NEWS
By ANDREW BARD SCHMOOKLER | September 28, 1993
Broadway, Virginia. -- For generations, it has generally been the bigoted and narrow-minded who have been the foes of immigration. Humane and broad-minded people have said with Emma Lazarus, ''Give me your tired, your poor . . .'' But the world has changed, and in the face of these changes, the broadest perspective requires us to say: ''It is time to close the door to substantial new immigration to the United States.''The crucial change is the emergence of overpopulation as one of the most urgent problems besetting humankind.
NEWS
By New York Times News Service | April 23, 2000
MILLBURN, N.J. -- Like many of their neighbors across the suburbs, the people of Millburn have had it with Bambi. They are sick of deer eating their garbage, tomato plants and azaleas. They associate deer more with Lyme disease and highway collisions than with the wonders of nature. Last year, town workers picked up 100 battered carcasses from local roads, double the number of a decade ago. "They've become a major safety hazard," said Judith Kramer, a lawyer who lives in the town's Short Hills section.
NEWS
July 25, 1999
Hotel construction, historic preservation can be done togetherRecent articles in The Sun have chronicled efforts to build as many as nine new hotels in Baltimore ("Marriott hotel starts going up at harbor," July 21 and "City's financial aid for hotel supported," July 16). Comparisons to similar efforts in Philadelphia are instructive.Although the two cities are each planning projects that will create about 4,000 hotel rooms, in Philadelphia more than 75 percent of them will be in adaptively re-used historic buildings.
NEWS
March 4, 1994
Bike HelmetsThe news article, "Helmet law battle revived," Feb. 25, states that the pro-helmet supporters have "statistics" which show that the helmet law "saved" 11 lives and that the number of motorcyclists admitted to the Maryland Shock Trauma Center with serious head injuries decreased by 17 percent.While I do not dispute that there were 11 less motorcycle fatalities or that Shock Trauma cases decreased, I do question whether all the statistics were taken into account. I do not feel that these reductions should automatically be attributed to a mandatory helmet law.I did not see any mention in the article of motorcycle usage in our state.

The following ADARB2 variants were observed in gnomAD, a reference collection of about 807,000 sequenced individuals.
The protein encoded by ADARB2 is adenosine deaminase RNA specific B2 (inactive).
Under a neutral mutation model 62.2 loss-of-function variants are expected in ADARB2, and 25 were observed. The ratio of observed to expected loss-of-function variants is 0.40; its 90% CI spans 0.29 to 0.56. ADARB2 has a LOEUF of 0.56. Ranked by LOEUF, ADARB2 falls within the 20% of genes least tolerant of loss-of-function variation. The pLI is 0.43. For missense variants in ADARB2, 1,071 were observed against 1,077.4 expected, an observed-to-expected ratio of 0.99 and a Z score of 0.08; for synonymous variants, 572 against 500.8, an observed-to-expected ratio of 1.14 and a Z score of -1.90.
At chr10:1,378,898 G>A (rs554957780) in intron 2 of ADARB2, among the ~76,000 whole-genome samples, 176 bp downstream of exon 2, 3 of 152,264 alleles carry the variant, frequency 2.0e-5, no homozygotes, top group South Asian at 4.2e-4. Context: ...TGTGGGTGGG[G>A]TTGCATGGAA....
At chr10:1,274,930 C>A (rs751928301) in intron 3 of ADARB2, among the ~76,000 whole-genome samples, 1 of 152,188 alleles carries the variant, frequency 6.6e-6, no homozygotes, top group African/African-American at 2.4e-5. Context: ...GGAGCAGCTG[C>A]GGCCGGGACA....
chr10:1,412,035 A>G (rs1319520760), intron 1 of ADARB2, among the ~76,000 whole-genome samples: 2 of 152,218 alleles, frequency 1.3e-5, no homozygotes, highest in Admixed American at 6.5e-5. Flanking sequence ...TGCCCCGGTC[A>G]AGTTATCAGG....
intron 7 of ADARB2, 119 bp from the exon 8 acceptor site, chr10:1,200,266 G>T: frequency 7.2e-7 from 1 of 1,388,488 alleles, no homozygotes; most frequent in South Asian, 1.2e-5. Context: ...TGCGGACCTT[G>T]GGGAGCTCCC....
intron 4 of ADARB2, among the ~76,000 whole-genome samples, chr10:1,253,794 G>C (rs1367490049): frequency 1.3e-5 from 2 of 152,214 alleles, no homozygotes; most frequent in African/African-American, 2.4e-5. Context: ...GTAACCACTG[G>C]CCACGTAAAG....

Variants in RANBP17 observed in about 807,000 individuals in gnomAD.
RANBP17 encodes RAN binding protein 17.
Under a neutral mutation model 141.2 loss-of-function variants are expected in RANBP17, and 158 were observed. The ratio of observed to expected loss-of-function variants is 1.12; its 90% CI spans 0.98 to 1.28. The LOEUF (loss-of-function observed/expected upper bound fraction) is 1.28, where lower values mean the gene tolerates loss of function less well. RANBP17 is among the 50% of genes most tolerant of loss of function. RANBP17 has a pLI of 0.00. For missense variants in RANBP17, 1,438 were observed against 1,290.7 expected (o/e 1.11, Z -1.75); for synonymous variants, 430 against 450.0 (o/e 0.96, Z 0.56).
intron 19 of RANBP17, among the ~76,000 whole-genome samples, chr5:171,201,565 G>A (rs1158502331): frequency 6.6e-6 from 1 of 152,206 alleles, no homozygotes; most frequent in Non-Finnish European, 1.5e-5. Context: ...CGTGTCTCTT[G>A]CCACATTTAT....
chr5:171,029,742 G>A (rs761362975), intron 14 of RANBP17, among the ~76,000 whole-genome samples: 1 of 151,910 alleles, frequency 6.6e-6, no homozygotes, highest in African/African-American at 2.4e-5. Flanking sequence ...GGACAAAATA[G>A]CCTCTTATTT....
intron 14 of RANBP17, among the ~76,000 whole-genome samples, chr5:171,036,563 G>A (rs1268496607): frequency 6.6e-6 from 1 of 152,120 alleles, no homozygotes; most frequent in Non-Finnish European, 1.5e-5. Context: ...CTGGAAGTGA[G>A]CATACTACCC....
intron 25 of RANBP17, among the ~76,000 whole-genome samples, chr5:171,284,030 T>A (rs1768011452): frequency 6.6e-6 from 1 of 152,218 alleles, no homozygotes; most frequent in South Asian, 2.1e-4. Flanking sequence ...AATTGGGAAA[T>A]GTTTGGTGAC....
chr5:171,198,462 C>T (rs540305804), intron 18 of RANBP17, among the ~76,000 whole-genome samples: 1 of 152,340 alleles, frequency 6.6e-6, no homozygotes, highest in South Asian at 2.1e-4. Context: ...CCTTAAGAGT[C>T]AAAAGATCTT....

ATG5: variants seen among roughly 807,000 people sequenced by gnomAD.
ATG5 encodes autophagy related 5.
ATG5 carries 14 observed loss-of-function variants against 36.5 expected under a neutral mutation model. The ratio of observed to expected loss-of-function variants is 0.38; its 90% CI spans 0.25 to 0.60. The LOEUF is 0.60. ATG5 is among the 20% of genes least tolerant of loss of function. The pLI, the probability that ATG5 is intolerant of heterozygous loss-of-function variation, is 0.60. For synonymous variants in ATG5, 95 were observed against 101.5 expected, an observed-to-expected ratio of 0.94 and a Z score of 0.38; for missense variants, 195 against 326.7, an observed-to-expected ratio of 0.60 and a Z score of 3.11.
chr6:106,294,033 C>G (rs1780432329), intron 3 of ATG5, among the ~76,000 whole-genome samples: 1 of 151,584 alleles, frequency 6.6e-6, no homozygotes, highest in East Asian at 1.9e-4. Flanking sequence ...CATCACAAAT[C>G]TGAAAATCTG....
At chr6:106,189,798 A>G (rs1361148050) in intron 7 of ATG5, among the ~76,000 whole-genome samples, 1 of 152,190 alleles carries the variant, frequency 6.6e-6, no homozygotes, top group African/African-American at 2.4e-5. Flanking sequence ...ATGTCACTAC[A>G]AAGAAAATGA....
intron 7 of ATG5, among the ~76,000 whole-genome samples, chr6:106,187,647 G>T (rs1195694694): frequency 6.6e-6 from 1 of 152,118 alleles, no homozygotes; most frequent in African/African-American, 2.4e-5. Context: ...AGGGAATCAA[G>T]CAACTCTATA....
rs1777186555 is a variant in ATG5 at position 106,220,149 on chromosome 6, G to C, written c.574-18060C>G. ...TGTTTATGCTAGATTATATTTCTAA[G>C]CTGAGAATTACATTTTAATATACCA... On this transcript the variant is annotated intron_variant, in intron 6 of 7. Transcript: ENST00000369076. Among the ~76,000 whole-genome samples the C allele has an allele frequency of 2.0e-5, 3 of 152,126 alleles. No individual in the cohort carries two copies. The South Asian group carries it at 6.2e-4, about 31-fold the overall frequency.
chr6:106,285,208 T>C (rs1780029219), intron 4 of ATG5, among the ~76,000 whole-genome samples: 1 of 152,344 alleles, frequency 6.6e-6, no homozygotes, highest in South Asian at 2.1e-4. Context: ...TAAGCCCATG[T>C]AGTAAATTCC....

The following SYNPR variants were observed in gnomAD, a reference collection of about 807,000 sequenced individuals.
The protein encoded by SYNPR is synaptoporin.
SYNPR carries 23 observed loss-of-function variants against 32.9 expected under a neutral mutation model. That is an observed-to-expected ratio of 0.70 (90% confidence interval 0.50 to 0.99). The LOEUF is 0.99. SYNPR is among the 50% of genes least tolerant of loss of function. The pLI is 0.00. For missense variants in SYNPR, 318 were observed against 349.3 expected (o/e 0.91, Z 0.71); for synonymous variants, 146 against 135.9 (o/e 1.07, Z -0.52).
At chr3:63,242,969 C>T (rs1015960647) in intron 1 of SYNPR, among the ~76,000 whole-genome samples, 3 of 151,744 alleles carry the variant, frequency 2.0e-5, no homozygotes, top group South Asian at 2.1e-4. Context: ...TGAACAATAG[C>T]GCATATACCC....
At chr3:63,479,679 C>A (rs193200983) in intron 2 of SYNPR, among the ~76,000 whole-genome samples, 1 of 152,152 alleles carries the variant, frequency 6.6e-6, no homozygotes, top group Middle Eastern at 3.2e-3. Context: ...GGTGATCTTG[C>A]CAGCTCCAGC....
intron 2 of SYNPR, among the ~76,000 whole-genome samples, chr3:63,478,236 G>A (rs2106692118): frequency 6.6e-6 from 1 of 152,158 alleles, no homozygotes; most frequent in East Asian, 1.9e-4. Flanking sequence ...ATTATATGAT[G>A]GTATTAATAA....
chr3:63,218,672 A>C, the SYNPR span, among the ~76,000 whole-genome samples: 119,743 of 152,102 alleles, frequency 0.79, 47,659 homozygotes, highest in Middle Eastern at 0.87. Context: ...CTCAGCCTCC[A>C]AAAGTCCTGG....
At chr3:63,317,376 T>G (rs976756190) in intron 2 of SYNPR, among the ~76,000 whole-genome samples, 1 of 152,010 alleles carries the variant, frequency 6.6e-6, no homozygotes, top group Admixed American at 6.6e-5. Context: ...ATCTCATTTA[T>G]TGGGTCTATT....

NEWS
July 18, 2011
Ron Smith is surely right when he writes, "There are now too many people to manage. " ("Population, debt problems so big, they defy solutions," July 15). But his assertion that global population is projected to increase by 50 percent by mid-century is a worst-case scenario, according to United Nations population projections. The UN offers three projections: low, medium, and high. The 50 percent increase mentioned by Mr. Smith, which would amount to a world population of 10.5 billion by 2050 (compared with our present 7 billion)
NEWS
By Ron Smith | July 14, 2011
The world's elite have a problem so big it can't even be hinted at in public discussion: There are now too many people to manage. Seven billion and counting, billions more than are needed for human societies to flourish — and thus, most dispensable in this age where technology enables ever more work to be done by ever fewer workers. Global population is projected to increase by 50 percent by 2050, and despite the ongoing pretense that natural resources are infinite, the fact is they are not, and the smart people know this.
NEWS
By Cindy Ross | April 4, 2011